Epidemiology and outcomes of novel coronavirus 2019 in patients with immune-mediated inflammatory diseases

Title: Epidemiology and outcomes of novel coronavirus 2019 in patients with immune-mediated inflammatory diseases

Authors: Milena Gianfrancesco, Jinoos Yazdany, and Philip C. Robinson


[Mithu Maheswaranathan]


Many patients and providers have wondered whether patients with autoimmune, inflammatory disorders (called immune-mediated inflammatory disease, IMID, in this article) would be at increased risk for complications from the novel coronavirus (COVID-19).  We know patients with autoimmune or inflammatory diseases are often on medications that suppress, or decrease, the immune system and may make it harder to fight infections.

The purpose of this article was to review and analyze the research that has been published to date on disease characteristics and outcomes of COVID-19 in patients with autoimmune inflammatory diseases (immune-mediated inflammatory disease, IMID).

What was done?

This study reviewed the medical research published on over 1400 patients from the fields of Rheumatology, Gastroenterology, and Dermatology.

What was found?

Clinical Features and Outcomes

The study found similar risk factors between the general population and those with underlying autoimmune rheumatologic or inflammatory conditions.  A summary of the research for the rheumatologic diseases is shown in Table 1.

The largest studies (registries) in rheumatology and gastroenterology are summarized below:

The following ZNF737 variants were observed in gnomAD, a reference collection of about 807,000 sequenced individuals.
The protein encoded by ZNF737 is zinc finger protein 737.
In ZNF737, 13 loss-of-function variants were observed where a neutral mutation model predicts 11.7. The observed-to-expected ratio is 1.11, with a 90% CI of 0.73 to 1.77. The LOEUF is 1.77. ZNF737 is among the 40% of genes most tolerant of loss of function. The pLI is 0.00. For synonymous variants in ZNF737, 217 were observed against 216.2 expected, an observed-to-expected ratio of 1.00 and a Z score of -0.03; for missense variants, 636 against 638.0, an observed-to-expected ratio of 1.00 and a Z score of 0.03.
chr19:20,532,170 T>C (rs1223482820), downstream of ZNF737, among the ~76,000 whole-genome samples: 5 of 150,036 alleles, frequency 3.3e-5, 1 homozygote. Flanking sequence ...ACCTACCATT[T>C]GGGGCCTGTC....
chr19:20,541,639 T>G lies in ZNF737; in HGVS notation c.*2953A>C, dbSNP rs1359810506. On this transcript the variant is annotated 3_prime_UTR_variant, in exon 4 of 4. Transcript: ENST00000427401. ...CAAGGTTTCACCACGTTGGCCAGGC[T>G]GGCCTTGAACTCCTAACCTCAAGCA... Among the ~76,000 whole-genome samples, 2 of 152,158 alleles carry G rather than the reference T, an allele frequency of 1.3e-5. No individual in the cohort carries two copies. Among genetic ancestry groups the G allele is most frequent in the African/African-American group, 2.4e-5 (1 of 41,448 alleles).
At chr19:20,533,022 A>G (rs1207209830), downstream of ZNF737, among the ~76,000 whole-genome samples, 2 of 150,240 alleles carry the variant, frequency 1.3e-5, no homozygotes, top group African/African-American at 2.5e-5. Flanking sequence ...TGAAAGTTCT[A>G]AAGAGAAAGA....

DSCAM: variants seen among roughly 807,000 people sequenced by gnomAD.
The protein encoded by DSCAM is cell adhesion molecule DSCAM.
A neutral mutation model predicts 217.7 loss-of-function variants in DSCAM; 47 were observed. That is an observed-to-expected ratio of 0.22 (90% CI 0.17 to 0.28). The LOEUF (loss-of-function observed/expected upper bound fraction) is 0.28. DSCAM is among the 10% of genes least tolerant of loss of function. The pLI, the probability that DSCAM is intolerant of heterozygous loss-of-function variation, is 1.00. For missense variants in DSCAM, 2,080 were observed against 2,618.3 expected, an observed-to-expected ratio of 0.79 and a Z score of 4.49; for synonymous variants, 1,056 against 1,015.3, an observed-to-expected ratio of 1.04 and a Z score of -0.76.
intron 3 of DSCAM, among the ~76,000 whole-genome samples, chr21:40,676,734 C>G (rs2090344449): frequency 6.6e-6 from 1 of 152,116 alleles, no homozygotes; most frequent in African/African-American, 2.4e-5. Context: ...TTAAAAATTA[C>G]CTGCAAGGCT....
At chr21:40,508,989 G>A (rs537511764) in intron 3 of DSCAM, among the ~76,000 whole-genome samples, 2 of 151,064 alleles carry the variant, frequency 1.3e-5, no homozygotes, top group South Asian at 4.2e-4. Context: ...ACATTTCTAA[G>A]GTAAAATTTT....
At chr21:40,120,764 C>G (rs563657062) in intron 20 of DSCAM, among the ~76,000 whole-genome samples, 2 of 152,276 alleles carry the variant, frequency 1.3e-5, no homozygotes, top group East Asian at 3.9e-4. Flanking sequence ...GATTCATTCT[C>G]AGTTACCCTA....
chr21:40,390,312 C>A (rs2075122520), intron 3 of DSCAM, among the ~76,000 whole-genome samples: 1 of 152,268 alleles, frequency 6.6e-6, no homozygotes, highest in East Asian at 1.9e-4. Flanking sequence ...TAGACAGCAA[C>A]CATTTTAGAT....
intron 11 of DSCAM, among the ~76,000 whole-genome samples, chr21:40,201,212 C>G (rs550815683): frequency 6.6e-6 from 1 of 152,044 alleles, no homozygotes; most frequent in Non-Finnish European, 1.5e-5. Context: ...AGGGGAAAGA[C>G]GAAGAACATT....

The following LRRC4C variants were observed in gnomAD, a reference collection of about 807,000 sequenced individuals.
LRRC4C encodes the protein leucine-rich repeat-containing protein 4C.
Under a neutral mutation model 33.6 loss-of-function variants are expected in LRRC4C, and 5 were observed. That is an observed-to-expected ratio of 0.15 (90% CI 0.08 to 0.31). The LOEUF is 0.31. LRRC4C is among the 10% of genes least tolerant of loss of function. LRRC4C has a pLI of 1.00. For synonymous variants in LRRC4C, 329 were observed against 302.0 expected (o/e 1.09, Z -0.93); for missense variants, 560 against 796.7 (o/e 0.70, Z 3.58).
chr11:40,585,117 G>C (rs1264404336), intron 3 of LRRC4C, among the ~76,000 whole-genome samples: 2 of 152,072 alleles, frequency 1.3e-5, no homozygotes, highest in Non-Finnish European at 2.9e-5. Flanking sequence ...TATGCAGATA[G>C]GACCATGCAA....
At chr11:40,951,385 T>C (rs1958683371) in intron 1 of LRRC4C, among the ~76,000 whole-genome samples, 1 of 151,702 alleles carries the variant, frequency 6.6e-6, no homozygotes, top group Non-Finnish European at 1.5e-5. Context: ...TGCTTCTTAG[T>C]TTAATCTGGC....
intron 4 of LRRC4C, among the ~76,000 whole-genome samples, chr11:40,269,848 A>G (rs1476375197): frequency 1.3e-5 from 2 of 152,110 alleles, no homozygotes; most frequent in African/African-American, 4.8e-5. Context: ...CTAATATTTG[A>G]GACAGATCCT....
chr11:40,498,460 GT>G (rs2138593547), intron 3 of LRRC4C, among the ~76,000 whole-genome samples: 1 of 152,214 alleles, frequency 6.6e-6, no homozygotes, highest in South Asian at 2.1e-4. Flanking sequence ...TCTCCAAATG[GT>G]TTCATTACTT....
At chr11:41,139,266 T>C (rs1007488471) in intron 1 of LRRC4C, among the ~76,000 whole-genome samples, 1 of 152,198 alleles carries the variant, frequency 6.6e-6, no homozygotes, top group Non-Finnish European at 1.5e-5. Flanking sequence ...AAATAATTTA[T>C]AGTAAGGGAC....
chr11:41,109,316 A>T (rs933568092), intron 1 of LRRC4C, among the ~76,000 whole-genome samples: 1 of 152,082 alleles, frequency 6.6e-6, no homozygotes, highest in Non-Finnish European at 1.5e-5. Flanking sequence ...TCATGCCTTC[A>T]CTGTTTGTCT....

• RheumatologyCOVID19 Global Rheumatology Alliance Registry
    • 600 cases of 21 different rheumatologic diseases from 40 countries
    • 46% of the people were hospitalized and 9% of them died
  • GastroenterologySECURE-IBD Registry
    • 525 cases from over 30 countries, mostly Crohn’s Disease (59%) and ulcerative colitis (39%)
    • 30% of people were hospitalized, 3% died, and 7% had severe COVID-19.
  • Dermatology – no registry, individual studies only
    • Insufficient evidence to date.

Risk Factors and COVID19 Outcomes

Patient Risk Factors

Similar to the general population, the following are risk factors associated with worse outcomes in COVID19.  In other words, people who have these conditions are more likely to have worse outcomes from the coronavirus:

  • older age
  • other chronic medical problems
    • hypertension (high blood pressure)
    • obesity (being overweight)
    • lung disease
    • diabetes
    • heart disease (cardiovascular disease)


Specific Medications

Steroids appears to be a risk factor for more severe outcomes in COVID19:

  • The Rheumatology registry (COVID19-GRA) found an association between steroids and hospitalization. Patients on at least 10 mg per day of prednisone (steroid) were more likely to be hospitalized.
  • The Gastroenterology registry (SECURE-IBD) also found that being on steroids was associated with more severe COVID-19 disease, defined as intensive care unit admission, ventilator use, and/or death.


What does it mean?

This review of the research to date has helped us with understanding of some risk factors related to COVID19:

❶ Patients with rheumatologic diseases may not be at higher risk of getting COVID19 than patients who do not have rheumatologic disease.

❷ However, patients with an underlying rheumatologic disease may have a higher chance of having severe outcomes (such as needing to be on a ventilator or breathing machine) if they get COVID19.

❸ Being on steroid medications (such as prednisone) may be a risk factor for worse outcomes, or having more severe complications from COVID19.

It is important to note that some of these studies were only done in patients who were hospitalized with COVID19.  Because some of the research did not include patients with mild or no symptoms, they may overestimate the amount of severe disease (in other words, report higher rates of severe disease or worse outcomes) due to the patients included in the study.